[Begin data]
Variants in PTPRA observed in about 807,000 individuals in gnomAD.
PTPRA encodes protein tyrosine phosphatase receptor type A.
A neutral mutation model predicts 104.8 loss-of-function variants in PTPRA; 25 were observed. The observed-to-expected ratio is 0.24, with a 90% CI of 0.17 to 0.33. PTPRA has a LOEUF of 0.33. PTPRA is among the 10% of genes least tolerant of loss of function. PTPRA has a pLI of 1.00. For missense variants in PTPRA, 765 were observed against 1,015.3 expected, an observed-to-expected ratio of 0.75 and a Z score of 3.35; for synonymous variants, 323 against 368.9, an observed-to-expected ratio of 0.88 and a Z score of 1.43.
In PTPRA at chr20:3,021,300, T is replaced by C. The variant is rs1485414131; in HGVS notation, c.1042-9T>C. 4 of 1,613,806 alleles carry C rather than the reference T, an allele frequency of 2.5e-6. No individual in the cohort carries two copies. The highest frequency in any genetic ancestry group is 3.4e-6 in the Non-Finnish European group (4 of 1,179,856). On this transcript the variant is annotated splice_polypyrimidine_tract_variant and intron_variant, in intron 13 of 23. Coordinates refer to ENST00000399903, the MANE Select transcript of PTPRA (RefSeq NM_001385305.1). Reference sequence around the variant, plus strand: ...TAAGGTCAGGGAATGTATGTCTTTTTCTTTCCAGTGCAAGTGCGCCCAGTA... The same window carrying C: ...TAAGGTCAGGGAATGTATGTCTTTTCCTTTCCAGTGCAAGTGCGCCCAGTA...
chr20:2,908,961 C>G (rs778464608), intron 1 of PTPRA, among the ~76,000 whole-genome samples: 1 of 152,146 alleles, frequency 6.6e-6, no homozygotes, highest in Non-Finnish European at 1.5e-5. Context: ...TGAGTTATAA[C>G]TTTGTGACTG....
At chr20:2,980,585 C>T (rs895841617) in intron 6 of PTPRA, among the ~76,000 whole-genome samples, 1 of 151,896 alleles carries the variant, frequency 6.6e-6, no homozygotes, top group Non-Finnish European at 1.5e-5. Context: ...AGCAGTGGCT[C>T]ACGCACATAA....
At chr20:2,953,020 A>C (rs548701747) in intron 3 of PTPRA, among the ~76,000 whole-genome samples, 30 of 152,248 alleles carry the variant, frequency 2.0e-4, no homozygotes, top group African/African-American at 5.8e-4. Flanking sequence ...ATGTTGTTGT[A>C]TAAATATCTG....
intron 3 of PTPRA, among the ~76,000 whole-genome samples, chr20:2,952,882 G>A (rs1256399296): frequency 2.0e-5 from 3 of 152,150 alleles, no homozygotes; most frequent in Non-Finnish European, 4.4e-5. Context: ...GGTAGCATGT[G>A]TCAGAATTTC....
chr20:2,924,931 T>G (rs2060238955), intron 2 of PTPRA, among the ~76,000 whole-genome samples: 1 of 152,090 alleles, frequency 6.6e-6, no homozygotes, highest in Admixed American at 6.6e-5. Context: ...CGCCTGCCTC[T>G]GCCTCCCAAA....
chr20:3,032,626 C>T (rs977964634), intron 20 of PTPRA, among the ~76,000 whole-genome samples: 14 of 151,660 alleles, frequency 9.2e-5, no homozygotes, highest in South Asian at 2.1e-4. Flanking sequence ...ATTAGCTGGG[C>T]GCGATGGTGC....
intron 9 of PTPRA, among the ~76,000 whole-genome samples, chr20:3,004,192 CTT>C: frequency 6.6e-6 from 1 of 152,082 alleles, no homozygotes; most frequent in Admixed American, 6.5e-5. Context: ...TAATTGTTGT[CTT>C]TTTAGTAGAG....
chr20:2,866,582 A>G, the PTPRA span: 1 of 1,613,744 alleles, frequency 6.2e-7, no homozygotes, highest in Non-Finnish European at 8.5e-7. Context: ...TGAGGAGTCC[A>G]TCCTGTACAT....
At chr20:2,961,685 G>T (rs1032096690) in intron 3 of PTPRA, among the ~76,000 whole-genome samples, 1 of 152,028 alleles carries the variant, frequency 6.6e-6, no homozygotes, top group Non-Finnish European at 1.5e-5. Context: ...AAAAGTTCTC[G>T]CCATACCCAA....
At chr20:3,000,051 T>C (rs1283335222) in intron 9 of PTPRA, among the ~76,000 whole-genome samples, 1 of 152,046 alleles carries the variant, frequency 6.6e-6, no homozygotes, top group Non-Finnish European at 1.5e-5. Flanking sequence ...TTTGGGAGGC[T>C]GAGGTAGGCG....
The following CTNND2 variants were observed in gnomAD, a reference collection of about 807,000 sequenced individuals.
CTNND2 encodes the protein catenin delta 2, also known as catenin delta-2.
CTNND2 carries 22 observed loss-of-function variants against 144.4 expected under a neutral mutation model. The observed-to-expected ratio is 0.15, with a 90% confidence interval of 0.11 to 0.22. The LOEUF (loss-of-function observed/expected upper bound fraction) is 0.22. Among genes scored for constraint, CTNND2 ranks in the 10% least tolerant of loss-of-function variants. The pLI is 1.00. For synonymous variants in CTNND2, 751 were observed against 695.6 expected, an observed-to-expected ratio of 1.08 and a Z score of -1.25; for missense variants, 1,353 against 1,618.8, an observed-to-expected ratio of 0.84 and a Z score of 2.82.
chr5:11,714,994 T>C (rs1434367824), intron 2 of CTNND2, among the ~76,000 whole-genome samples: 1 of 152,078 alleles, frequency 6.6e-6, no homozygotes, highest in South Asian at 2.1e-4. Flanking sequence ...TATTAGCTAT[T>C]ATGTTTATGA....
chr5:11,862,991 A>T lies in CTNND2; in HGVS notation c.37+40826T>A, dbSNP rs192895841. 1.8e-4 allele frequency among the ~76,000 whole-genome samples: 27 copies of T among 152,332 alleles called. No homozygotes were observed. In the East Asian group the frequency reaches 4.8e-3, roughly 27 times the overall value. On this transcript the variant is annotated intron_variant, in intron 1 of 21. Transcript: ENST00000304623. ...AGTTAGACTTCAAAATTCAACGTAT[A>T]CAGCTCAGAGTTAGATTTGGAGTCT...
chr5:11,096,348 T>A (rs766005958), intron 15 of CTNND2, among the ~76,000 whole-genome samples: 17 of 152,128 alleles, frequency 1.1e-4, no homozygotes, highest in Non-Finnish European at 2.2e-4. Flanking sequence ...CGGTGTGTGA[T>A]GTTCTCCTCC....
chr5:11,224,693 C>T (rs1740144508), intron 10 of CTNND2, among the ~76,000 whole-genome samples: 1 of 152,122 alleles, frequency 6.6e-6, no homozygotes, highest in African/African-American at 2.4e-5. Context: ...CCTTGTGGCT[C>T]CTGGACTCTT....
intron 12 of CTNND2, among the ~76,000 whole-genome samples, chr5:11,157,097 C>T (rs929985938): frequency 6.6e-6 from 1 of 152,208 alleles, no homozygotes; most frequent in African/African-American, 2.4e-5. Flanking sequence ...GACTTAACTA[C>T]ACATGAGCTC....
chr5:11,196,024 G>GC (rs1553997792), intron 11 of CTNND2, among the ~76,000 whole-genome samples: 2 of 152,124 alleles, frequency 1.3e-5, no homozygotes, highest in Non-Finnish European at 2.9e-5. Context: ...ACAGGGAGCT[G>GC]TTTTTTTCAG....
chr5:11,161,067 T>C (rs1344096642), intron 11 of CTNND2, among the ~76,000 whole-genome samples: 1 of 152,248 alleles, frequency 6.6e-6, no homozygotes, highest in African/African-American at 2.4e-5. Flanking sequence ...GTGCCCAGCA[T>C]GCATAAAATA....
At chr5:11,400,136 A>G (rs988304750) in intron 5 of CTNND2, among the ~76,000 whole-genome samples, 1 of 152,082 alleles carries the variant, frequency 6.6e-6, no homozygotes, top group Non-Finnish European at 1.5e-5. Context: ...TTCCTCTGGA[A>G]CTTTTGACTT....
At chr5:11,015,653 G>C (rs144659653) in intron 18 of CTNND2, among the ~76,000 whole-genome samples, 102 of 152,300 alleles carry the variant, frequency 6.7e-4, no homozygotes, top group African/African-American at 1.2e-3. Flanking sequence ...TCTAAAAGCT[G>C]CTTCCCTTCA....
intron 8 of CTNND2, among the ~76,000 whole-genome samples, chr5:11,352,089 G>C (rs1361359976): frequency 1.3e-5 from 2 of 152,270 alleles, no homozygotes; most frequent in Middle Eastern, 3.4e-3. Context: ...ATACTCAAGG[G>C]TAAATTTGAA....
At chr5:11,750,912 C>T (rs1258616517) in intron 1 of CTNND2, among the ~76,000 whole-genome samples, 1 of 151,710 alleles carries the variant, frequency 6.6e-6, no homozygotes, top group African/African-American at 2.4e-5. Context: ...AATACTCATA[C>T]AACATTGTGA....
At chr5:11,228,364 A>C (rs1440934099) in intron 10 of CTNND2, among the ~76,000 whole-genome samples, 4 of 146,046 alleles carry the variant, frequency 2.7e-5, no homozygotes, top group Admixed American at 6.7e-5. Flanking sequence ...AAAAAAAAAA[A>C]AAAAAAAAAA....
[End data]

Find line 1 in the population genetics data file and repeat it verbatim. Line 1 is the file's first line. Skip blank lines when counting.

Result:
Variants in PTPRA observed in about 807,000 individuals in gnomAD.